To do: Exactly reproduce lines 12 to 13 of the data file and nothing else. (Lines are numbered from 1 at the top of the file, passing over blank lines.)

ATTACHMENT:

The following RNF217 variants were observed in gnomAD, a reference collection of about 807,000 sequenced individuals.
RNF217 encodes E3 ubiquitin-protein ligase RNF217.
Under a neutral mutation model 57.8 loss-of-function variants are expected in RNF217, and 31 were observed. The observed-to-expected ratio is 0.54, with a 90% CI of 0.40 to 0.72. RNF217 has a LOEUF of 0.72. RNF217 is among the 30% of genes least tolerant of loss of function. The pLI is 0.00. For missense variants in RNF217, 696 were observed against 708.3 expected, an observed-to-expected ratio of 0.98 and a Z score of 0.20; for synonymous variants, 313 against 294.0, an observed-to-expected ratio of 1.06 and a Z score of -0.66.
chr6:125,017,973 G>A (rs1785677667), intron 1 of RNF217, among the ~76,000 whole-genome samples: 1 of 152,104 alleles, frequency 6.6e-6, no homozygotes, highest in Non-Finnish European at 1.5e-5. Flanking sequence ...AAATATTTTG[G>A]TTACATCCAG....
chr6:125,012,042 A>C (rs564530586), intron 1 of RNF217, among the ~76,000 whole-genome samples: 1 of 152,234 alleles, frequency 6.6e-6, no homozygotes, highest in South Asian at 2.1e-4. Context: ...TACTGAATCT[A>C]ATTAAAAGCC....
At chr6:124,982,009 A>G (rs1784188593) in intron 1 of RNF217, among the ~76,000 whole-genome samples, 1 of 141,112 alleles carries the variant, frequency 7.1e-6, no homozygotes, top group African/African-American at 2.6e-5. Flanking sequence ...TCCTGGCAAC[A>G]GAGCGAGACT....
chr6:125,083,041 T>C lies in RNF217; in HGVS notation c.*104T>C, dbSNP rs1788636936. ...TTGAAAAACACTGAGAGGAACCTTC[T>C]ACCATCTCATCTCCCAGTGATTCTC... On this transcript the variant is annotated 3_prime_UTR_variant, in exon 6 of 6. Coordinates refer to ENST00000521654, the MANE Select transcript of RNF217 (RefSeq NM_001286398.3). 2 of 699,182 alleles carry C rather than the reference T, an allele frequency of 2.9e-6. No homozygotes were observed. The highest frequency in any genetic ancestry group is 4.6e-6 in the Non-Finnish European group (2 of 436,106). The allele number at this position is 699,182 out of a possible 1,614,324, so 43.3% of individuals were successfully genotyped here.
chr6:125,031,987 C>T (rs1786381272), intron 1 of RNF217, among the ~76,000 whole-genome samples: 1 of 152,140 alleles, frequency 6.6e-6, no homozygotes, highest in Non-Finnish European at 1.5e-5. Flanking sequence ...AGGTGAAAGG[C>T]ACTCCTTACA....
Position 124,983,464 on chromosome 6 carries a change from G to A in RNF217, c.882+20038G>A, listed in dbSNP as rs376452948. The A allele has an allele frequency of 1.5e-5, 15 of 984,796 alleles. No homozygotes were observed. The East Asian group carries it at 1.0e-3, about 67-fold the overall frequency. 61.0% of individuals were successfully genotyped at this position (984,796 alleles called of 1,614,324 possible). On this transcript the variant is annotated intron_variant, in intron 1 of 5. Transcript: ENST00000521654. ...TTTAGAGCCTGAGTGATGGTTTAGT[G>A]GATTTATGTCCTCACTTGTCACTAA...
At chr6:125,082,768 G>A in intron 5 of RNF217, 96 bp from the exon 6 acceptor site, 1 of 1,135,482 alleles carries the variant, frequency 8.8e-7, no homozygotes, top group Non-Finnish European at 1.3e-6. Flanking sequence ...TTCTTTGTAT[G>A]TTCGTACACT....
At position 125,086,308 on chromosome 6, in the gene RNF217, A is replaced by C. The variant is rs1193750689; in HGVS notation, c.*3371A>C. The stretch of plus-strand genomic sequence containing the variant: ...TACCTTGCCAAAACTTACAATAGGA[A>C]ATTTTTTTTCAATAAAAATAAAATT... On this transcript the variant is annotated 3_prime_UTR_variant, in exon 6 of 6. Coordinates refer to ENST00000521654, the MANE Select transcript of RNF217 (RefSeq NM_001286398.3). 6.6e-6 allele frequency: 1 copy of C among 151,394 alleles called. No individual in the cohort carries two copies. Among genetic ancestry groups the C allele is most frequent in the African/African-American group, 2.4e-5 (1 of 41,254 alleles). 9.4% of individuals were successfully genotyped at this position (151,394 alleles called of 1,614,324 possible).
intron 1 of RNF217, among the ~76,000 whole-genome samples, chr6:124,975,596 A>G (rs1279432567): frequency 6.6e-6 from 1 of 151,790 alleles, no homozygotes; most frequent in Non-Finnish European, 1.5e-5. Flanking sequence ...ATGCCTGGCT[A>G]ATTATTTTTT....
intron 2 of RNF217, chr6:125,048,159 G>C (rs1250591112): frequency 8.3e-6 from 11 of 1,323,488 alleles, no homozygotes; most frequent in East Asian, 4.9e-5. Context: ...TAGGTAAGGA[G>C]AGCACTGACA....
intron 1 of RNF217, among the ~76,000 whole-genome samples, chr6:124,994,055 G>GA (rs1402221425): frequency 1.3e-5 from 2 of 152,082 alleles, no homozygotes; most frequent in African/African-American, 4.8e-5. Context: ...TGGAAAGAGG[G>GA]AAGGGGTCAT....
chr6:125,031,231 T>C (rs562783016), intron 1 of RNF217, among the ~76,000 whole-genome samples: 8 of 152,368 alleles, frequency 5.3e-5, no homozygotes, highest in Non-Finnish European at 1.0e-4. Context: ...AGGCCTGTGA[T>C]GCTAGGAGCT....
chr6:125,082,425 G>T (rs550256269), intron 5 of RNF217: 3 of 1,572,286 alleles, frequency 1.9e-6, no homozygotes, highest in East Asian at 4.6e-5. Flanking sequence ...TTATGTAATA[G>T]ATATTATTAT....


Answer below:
intron 1 of RNF217, among the ~76,000 whole-genome samples, chr6:124,975,596 A>G (rs1279432567): frequency 6.6e-6 from 1 of 151,790 alleles, no homozygotes; most frequent in Non-Finnish European, 1.5e-5. Flanking sequence ...ATGCCTGGCT[A>G]ATTATTTTTT....
intron 2 of RNF217, chr6:125,048,159 G>C (rs1250591112): frequency 8.3e-6 from 11 of 1,323,488 alleles, no homozygotes; most frequent in East Asian, 4.9e-5. Context: ...TAGGTAAGGA[G>C]AGCACTGACA....